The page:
Heart and Souls
|Heart and Souls|
Theatrical release poster
|Directed by||Ron Underwood|
|Produced by||Nancy Roberts
|Written by||Brent Maddock
S. S. Wilson
|Starring||Robert Downey, Jr.
|Music by||Marc Shaiman|
|Cinematography||Michael W. Watkins|
|Editing by||O. Nicholas Brown|
|Distributed by||Universal Pictures|
|Release dates||August 13, 1993|
|Running time||104 minutes|
|Box office||$16,581,714 (USA)|
Heart and Souls is a 1993 fantasy/comedy film starring Robert Downey Jr. as Tom Riley, who is recruited by the souls of four deceased people who are trapped on earth and can only be seen by him to help them move on by helping them take care of their unfinished business. The movie was directed by Ron Underwood and was filmed in San Francisco.
In 1959, Frank and Eva Reilly are on their way to the hospital. Eva is in labor with their first child. As they are driving, Harrison (Charles Grodin), Julia (Kyra Sedgwick), Milo (Tom Sizemore), and Penny (Alfre Woodard) are presented as passengers on the same bus. Hal, the bus driver (David Paymer) is focused on a car to his left where a man is touching a woman's exposed leg. He loses control of the bus and crashes off an overpass, killing all four of the characters as well as himself. Each passenger has unfinished business in his or her life, and instead of going to heaven, they find themselves as ghosts, tied to the newborn Thomas Reilly, who was born in the vehicle the same moment the four passengers lost their lives.
Only Thomas is able to see the four ghosts, who try to act as his guides and guardian spirits. Penny, Julia, and Harrison often act as surrogate parents, but Milo, while he does bond with Thomas, often uses him and gets the boy into trouble, such as using him to look at adult magazines and to attend a horse race. This event leads a man from Child Welfare, Charles Polito, to see the Riley family, claiming he found Thomas at the horse race and he explains a story Thomas mentioned saying Frank would "give him a beating if he doesn't place his bets." After realizing that many adults are worrying over Thomas' "imaginary" friends, including his parents and his teacher, Harrison, Julia, Milo, and Penny feel it's best to hide from him and they all vanish in front of him one by one on a stormy night, much to Thomas' devastation.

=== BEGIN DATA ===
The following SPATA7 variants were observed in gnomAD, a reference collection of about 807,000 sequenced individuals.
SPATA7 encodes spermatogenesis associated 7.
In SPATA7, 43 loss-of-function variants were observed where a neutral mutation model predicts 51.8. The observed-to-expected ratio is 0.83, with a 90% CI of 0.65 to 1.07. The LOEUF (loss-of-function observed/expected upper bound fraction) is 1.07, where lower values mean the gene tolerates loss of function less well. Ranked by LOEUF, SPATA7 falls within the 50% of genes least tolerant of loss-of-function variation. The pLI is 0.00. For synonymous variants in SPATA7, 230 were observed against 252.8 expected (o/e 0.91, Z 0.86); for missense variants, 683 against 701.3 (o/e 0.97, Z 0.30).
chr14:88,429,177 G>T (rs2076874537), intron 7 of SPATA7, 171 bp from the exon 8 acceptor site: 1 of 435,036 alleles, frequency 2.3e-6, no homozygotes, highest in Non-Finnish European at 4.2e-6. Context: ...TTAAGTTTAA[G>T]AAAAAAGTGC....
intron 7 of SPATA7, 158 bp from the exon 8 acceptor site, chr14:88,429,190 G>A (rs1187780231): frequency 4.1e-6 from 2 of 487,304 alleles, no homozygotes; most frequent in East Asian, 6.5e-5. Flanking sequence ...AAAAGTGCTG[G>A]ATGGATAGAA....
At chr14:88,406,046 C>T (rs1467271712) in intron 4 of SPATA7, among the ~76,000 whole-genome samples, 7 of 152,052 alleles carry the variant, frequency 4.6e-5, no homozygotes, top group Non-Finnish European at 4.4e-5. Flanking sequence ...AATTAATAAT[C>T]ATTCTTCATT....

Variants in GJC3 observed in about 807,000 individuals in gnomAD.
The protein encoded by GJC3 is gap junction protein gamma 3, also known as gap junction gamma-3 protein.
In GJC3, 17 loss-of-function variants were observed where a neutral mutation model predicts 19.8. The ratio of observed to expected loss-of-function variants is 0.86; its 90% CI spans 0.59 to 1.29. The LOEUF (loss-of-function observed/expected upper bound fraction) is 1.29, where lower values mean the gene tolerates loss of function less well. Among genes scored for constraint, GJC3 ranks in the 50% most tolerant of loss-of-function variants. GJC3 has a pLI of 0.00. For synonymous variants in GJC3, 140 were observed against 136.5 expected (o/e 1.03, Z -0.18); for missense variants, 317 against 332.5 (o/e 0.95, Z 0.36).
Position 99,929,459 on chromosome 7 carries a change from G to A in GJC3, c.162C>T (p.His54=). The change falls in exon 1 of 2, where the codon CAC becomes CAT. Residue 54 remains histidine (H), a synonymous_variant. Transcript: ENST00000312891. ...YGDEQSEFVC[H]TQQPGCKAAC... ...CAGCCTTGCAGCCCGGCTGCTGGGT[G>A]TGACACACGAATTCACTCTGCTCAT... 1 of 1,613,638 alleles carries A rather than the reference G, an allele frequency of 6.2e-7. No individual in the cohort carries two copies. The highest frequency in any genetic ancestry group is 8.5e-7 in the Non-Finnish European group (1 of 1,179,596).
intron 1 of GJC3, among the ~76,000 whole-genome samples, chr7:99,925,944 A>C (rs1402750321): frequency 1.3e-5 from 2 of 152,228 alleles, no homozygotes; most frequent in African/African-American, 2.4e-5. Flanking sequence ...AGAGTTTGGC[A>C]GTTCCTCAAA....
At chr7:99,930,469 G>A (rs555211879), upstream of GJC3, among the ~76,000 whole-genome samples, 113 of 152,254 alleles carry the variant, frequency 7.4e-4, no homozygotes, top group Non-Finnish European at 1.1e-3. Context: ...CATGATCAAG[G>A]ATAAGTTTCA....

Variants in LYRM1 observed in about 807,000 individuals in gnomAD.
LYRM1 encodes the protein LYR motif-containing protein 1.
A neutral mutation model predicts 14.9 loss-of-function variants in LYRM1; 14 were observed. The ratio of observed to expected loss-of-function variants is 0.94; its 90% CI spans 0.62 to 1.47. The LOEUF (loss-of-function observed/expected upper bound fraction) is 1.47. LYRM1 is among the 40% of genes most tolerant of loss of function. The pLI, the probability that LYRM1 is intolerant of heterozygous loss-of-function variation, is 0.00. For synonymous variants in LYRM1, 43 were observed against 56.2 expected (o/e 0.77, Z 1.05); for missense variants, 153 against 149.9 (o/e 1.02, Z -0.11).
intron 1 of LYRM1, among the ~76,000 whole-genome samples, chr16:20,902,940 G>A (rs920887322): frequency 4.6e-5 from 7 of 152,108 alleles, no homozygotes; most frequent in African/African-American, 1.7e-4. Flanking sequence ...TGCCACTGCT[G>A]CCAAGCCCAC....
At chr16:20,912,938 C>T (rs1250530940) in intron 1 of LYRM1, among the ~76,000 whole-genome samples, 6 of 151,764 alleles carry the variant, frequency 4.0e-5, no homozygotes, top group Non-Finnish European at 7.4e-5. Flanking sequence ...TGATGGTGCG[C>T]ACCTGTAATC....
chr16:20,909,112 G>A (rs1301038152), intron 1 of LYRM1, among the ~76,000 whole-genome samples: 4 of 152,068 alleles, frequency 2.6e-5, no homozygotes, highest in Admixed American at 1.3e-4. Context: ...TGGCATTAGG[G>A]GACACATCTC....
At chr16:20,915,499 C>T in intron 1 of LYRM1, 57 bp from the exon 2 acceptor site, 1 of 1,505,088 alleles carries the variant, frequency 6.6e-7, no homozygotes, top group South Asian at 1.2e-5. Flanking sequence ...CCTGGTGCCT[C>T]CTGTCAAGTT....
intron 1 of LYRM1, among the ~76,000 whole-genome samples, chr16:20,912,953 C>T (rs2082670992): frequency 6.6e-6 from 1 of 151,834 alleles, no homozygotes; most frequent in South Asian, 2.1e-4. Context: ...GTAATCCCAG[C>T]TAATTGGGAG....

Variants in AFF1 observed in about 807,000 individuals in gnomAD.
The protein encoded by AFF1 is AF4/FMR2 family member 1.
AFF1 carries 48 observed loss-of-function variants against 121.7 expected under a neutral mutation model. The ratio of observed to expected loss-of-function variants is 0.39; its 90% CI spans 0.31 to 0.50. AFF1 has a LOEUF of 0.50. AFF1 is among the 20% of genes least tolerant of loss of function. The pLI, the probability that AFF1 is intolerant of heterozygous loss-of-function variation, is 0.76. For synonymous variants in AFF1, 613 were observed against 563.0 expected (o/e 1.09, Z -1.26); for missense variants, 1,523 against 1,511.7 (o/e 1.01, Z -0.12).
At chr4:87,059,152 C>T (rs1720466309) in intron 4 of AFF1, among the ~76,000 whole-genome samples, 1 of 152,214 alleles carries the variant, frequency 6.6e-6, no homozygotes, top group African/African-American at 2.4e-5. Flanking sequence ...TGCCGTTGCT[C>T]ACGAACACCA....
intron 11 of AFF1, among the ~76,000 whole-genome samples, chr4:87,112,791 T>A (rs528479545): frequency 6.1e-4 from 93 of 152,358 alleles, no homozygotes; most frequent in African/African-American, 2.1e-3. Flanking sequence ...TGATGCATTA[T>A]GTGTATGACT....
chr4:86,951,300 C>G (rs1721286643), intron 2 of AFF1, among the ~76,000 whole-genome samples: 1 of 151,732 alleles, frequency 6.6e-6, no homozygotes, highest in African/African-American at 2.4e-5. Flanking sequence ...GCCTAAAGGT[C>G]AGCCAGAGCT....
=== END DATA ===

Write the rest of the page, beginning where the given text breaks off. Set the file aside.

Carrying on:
Twenty-five years later, when their `sentence' on Earth is up, Hal comes to collect them in the broken down old bus he's been driving around Earth for the last quarter-century. After getting resistance from the foursome, Hal finally tells them that they were supposed to have been using their internment on Earth as well as their corporeal being (Thomas) to resolve their remaining issues, concluding with the comment that if the corporeal being refused to cooperate, then they were fully allowed to enter his body themselves and force the action. Having heard none of this in advance, the foursome give Hal a piece of their mind. They argue that since they'd been unaware of their mission all this time, then it was Heaven's mistake and the group should be given enough time to complete their missions.
Hal runs interference and buys them a little time, but not much. In a panic, they make themselves visible once again to a grown-up Thomas (Robert Downey, Jr.), which proves to be a project and a half in itself. Because of his heartbreak of losing the foursome as a child, Thomas has become a cold, distant businessman whose only problem is the actions (or in some cases the lack thereof) of his girlfriend Anne (Elisabeth Shue). Though reluctant at first, Thomas eventually agrees to help fulfill their final tasks.
Milo, a petty thief, regrets a decision he made right before his death to steal valuable stamps, a family heirloom, from a child. He possesses Thomas to complete the task of stealing the stamps back from his former boss, who still has them. He returns the stamps anonymously to their overjoyed owner. Ten seconds later Hal comes to collect him, leaving no time for lengthy or teary goodbyes.
Harrison was a would-be singer who was very talented but had severe stage fright. He died shortly after giving up at an audition, unable to perform. After encouragement from Thomas and the others, he works up the nerve to sing the National Anthem while in Thomas's body at a B. B. King concert where they sneak on stage. Harrison is a big hit, but soon after his performance the police detain Thomas, who is nevertheless satisfied that Harrison's final act was a success. He boards the bus as a happy man shortly afterward.
Penny was a single mother who had been spending her time with Thomas trying to discover the fate of her three children after her death. Earlier in the day, the group had gone to Penny's old neighborhood to look for clues. They find Penny's ex-neighbor Agnes Miller (Janet MacLachlan), now an elderly woman who still takes care of the neighborhood cats just as she did when the kids were little. She told them that while Penny's two daughters were adopted by the Timersen's, a good family in Sacramento, she'd lost track of Billy after he entered the foster care system.